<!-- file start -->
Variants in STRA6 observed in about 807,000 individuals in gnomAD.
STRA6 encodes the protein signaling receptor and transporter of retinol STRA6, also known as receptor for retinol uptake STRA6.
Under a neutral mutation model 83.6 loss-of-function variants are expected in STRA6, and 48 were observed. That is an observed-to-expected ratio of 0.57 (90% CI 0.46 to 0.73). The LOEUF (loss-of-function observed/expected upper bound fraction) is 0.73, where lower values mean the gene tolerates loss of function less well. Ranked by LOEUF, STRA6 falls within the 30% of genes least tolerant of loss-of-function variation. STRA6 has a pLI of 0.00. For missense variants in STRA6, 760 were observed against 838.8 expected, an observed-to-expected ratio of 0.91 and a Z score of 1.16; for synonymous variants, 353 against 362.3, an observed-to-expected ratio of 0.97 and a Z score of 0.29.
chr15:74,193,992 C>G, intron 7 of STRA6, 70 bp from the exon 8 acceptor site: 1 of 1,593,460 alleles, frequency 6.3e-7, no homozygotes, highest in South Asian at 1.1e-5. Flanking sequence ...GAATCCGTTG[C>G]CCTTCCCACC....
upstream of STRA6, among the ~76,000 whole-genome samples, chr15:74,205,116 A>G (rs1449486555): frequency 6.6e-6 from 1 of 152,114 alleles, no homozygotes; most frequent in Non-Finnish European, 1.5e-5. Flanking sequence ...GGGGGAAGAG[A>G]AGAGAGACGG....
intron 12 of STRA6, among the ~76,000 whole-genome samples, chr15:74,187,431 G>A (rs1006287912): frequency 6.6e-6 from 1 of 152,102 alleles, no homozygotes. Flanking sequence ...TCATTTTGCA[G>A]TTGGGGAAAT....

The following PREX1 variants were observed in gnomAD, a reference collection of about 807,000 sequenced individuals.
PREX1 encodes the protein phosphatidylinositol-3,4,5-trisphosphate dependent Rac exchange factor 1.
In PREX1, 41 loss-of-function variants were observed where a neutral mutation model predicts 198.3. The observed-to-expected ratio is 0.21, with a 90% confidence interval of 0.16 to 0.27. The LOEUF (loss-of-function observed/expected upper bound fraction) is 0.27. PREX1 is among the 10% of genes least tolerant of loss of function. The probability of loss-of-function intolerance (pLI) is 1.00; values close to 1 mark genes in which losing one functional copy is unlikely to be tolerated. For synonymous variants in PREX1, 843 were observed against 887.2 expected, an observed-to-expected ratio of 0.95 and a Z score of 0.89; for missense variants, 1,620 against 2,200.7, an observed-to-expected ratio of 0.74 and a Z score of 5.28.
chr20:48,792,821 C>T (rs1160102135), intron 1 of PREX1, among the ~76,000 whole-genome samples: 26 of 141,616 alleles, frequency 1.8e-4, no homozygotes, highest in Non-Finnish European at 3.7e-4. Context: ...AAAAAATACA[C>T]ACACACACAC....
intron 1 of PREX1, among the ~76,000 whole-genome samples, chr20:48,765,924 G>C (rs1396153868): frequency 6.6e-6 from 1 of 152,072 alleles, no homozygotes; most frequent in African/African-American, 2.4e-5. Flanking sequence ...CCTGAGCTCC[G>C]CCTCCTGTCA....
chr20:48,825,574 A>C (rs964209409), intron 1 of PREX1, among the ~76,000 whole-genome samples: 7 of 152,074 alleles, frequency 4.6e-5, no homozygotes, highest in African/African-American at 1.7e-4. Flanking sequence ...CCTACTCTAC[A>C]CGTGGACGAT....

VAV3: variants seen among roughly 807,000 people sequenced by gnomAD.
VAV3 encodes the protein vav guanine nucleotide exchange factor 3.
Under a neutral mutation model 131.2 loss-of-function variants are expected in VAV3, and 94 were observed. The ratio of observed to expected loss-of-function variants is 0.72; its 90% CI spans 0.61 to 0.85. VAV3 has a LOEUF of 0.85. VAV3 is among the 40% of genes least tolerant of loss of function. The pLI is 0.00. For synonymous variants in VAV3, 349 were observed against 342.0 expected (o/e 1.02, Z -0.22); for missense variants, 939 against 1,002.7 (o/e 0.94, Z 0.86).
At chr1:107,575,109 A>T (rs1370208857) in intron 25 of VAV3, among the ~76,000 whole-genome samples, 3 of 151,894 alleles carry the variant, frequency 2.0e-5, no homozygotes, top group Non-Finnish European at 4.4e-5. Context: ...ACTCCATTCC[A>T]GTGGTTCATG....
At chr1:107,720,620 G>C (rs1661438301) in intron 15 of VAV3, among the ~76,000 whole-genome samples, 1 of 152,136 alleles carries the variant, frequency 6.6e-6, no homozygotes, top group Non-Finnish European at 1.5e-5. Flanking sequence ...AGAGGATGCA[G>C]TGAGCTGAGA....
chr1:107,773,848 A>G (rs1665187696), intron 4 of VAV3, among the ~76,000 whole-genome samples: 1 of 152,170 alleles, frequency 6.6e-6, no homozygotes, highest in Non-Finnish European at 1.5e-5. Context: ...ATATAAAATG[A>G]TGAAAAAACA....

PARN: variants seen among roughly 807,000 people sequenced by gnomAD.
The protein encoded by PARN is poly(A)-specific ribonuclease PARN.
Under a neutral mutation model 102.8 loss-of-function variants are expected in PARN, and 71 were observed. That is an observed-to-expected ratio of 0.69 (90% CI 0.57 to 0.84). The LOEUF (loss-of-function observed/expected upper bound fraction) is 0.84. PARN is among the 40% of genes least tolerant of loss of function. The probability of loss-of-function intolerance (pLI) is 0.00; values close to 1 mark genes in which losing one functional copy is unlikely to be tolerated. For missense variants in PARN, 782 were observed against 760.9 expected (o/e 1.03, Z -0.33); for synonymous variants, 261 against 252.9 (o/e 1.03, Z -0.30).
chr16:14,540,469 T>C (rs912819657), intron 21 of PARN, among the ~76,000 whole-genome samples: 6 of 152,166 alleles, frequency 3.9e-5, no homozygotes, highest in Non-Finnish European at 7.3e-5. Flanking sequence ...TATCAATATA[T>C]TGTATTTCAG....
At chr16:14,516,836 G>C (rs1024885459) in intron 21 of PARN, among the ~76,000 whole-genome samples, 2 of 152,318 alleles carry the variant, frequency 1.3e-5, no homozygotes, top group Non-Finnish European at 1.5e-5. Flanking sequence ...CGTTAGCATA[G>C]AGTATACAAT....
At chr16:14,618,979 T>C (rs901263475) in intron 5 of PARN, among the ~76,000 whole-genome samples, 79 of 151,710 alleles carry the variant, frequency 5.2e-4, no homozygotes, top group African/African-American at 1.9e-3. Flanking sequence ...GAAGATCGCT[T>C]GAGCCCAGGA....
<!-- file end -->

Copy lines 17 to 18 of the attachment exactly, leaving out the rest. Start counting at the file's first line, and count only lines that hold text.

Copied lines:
At chr1:107,720,620 G>C (rs1661438301) in intron 15 of VAV3, among the ~76,000 whole-genome samples, 1 of 152,136 alleles carries the variant, frequency 6.6e-6, no homozygotes, top group Non-Finnish European at 1.5e-5. Flanking sequence ...AGAGGATGCA[G>C]TGAGCTGAGA....
chr1:107,773,848 A>G (rs1665187696), intron 4 of VAV3, among the ~76,000 whole-genome samples: 1 of 152,170 alleles, frequency 6.6e-6, no homozygotes, highest in Non-Finnish European at 1.5e-5. Context: ...ATATAAAATG[A>G]TGAAAAAACA....